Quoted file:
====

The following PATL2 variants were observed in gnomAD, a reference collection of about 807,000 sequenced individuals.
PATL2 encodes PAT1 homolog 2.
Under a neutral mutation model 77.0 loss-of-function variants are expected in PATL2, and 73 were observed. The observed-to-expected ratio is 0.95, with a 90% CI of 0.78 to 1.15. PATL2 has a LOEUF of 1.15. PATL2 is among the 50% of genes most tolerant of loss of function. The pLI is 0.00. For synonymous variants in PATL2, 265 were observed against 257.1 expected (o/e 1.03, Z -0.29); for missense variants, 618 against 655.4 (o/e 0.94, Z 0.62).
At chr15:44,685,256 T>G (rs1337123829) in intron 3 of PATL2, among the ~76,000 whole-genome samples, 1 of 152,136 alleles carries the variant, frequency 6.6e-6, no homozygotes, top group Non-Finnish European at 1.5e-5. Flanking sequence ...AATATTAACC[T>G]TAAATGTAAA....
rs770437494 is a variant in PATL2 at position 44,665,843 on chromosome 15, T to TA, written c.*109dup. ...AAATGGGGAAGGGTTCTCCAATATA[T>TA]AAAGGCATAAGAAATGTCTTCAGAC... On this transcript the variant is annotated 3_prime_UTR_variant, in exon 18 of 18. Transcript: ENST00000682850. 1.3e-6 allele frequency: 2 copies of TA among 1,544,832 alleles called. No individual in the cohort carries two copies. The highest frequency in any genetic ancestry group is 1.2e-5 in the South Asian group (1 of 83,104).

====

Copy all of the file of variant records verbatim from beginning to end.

The following PATL2 variants were observed in gnomAD, a reference collection of about 807,000 sequenced individuals.
PATL2 encodes PAT1 homolog 2.
Under a neutral mutation model 77.0 loss-of-function variants are expected in PATL2, and 73 were observed. The observed-to-expected ratio is 0.95, with a 90% CI of 0.78 to 1.15. PATL2 has a LOEUF of 1.15. PATL2 is among the 50% of genes most tolerant of loss of function. The pLI is 0.00. For synonymous variants in PATL2, 265 were observed against 257.1 expected (o/e 1.03, Z -0.29); for missense variants, 618 against 655.4 (o/e 0.94, Z 0.62).
At chr15:44,685,256 T>G (rs1337123829) in intron 3 of PATL2, among the ~76,000 whole-genome samples, 1 of 152,136 alleles carries the variant, frequency 6.6e-6, no homozygotes, top group Non-Finnish European at 1.5e-5. Flanking sequence ...AATATTAACC[T>G]TAAATGTAAA....
rs770437494 is a variant in PATL2 at position 44,665,843 on chromosome 15, T to TA, written c.*109dup. ...AAATGGGGAAGGGTTCTCCAATATA[T>TA]AAAGGCATAAGAAATGTCTTCAGAC... On this transcript the variant is annotated 3_prime_UTR_variant, in exon 18 of 18. Transcript: ENST00000682850. 1.3e-6 allele frequency: 2 copies of TA among 1,544,832 alleles called. No individual in the cohort carries two copies. The highest frequency in any genetic ancestry group is 1.2e-5 in the South Asian group (1 of 83,104).